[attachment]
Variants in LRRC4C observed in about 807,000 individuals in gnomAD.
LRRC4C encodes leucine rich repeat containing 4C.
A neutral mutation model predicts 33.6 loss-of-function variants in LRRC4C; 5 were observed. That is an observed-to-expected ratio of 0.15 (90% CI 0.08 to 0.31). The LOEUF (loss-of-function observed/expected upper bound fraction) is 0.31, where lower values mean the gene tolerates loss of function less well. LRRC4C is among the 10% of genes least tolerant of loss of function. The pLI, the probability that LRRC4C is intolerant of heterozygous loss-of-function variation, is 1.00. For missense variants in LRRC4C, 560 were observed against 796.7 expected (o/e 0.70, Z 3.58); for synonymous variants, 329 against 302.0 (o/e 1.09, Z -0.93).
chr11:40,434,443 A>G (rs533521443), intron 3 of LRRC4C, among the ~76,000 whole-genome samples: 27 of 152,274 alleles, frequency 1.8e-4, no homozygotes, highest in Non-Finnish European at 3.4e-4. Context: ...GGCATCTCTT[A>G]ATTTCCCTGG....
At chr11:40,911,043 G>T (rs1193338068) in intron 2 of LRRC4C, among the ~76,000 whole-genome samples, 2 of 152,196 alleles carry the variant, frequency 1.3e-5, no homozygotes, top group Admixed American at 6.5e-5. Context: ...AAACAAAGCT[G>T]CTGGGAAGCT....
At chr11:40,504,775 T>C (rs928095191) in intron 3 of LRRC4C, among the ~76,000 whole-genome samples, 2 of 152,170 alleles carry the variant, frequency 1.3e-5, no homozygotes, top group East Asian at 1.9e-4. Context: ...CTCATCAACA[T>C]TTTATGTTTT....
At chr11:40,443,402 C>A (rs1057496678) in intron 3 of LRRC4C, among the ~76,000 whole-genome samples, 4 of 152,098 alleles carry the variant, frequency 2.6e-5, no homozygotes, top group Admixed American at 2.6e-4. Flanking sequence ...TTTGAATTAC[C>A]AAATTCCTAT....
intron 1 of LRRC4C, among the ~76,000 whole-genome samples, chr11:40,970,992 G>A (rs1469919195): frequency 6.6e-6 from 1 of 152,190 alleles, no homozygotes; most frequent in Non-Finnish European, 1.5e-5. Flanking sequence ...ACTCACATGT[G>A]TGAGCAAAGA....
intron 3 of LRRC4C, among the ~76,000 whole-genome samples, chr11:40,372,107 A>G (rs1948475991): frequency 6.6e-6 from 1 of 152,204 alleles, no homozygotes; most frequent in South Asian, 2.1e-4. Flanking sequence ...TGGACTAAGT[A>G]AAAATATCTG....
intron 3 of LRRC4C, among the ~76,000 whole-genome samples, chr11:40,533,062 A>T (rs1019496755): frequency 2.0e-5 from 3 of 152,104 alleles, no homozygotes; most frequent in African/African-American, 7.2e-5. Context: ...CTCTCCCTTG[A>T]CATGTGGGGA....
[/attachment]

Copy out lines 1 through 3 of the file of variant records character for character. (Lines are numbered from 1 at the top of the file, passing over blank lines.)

Variants in LRRC4C observed in about 807,000 individuals in gnomAD.
LRRC4C encodes leucine rich repeat containing 4C.
A neutral mutation model predicts 33.6 loss-of-function variants in LRRC4C; 5 were observed. That is an observed-to-expected ratio of 0.15 (90% CI 0.08 to 0.31). The LOEUF (loss-of-function observed/expected upper bound fraction) is 0.31, where lower values mean the gene tolerates loss of function less well. LRRC4C is among the 10% of genes least tolerant of loss of function. The pLI, the probability that LRRC4C is intolerant of heterozygous loss-of-function variation, is 1.00. For missense variants in LRRC4C, 560 were observed against 796.7 expected (o/e 0.70, Z 3.58); for synonymous variants, 329 against 302.0 (o/e 1.09, Z -0.93).